With that, I'd like to turn it over to RJ.

RJ Sheedy -- President

Thanks, Eric. I'd like to begin by thanking all of our operators and their team members for continuing to execute exceptionally well in order to serve their comers. Their focus and dedication are contributing to our continued momentum in the fourth quarter. And while we are pleased with the health of our underlying business, we are also excited about progress made on several key initiatives.

First, for an update on supply, we are encouraged by our pipeline of opportunistic product. We continue to capture outstanding buys across all categories to deliver extreme value and a fun treasure hunt experience to our customers. Renewed supplier investments in product innovation and additional capacity and production are still contributing to that and depth of offers we are seeing. Let me provide a few examples of recent buys resulting from these dynamics.

Example No.1 is the purchase of 100,000 cases of Hard Seltzer from a Canadian beverage company that recently entered the U.S. market. As brands have proliferated and the popular seltzer category has become more grounded, the supplier offered us a large block of excess product. While competitors are selling the brand's 12 packs at $18, we are offering the same item at 5 99 , almost a 70% savings while still generating a healthy margin.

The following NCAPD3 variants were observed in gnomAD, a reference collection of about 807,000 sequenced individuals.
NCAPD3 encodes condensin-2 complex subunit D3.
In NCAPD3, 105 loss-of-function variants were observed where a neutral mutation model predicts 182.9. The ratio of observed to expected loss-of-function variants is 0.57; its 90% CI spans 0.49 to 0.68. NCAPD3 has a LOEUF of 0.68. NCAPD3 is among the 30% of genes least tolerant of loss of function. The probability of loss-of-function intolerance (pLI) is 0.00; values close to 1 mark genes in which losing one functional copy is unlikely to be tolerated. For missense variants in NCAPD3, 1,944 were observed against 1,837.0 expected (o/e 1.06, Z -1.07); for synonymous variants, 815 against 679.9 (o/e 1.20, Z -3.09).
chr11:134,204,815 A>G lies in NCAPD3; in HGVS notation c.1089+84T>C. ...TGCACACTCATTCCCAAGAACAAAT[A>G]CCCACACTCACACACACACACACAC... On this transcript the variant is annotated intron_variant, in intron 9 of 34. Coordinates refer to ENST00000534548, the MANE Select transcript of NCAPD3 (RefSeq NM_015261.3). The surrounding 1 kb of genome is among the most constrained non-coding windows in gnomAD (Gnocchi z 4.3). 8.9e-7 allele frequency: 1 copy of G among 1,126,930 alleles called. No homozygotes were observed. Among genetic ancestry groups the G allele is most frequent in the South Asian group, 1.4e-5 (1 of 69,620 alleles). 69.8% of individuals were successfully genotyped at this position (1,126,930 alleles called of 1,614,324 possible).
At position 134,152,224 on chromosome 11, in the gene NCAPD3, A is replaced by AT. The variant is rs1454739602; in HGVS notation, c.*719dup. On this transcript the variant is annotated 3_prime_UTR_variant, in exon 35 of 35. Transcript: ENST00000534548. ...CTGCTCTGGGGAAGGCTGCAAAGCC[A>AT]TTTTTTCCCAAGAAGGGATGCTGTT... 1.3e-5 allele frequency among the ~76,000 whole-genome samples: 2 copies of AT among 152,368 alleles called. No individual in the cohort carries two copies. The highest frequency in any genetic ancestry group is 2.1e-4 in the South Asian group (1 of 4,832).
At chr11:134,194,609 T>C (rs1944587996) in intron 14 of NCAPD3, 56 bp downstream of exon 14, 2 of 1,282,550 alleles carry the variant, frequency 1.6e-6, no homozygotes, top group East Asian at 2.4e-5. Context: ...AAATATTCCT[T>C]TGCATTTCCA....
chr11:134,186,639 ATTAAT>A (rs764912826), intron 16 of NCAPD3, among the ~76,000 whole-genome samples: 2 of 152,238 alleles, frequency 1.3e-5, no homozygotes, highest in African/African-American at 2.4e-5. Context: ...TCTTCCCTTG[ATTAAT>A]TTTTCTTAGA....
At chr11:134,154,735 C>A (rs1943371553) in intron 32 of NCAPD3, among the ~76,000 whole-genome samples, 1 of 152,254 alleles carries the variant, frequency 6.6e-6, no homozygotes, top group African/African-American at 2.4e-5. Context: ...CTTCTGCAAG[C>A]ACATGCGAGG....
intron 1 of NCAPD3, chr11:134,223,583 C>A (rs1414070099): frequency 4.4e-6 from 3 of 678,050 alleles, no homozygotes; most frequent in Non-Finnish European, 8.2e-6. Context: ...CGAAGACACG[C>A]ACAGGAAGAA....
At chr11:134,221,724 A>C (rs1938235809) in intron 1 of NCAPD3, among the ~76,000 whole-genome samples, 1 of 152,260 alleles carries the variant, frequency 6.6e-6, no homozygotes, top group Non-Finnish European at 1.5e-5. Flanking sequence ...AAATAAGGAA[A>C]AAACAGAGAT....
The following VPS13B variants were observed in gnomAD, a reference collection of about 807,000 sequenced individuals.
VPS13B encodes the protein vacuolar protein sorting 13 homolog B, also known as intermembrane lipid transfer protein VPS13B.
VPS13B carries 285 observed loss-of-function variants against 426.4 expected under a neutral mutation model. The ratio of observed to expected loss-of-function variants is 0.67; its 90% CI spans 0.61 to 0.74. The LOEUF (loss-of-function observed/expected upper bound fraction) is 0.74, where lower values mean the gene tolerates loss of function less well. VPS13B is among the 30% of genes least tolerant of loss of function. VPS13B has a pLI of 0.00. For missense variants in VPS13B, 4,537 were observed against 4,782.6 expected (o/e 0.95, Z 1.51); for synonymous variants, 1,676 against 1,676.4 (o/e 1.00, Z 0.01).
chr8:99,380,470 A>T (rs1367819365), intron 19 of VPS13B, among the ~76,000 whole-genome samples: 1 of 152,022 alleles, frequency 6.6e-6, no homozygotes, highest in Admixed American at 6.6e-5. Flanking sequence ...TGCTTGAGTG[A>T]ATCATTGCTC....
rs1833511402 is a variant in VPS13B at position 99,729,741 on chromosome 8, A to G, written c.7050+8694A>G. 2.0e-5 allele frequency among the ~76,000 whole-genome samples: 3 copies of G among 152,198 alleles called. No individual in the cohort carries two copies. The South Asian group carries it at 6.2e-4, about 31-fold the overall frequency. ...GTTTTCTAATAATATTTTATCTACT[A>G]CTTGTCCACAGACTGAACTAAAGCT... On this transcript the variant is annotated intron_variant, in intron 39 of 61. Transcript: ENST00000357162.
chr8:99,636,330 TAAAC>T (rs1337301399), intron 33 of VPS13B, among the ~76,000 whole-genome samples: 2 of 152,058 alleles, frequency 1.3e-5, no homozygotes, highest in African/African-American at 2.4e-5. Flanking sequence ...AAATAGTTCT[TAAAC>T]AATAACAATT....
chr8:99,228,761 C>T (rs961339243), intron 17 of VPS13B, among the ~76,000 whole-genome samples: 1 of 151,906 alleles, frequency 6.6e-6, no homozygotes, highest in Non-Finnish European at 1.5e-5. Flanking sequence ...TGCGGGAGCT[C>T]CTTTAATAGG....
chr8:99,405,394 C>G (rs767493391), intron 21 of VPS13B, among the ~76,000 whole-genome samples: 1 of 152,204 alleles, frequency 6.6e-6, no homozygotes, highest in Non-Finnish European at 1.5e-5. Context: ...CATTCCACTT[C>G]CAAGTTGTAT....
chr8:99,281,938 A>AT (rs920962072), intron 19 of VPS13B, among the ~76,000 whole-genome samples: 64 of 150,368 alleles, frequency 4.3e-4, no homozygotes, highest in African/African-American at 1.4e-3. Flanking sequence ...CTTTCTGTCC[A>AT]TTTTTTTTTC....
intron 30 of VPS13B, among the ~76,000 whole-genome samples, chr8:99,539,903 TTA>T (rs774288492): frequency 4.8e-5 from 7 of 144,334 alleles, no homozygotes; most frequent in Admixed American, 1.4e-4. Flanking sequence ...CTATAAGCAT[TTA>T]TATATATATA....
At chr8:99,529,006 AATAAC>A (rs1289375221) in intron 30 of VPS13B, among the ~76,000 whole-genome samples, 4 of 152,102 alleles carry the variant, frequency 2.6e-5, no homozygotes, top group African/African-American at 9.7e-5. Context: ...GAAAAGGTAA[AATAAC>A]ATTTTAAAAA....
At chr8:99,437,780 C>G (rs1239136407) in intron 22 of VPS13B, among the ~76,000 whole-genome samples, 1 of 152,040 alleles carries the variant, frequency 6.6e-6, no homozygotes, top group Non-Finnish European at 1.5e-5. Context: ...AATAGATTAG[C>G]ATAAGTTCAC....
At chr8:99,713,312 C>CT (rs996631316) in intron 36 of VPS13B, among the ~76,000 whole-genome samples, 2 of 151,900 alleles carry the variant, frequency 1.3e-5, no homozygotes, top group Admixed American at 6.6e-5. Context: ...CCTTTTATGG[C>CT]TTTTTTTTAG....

Example No. 2 is a close vendor partner within the snack category who recently expanded into plant-based ice cream. As sometimes happens, initial supply exceeded demand resulting in the vendor rationalizing their SKU assortment. As a result, we were able to purchase 130,000 cases of the ice cream.

We are selling the product for 2 99, representing a 50% savings and an exciting deal for our NOSH customers. Example No. 3 is another long-standing supplier who is innovating across their brand portfolio and expanding into more traditional retail locations. They are introducing new products across numerous growing categories, including keto, plant and protein-based diets.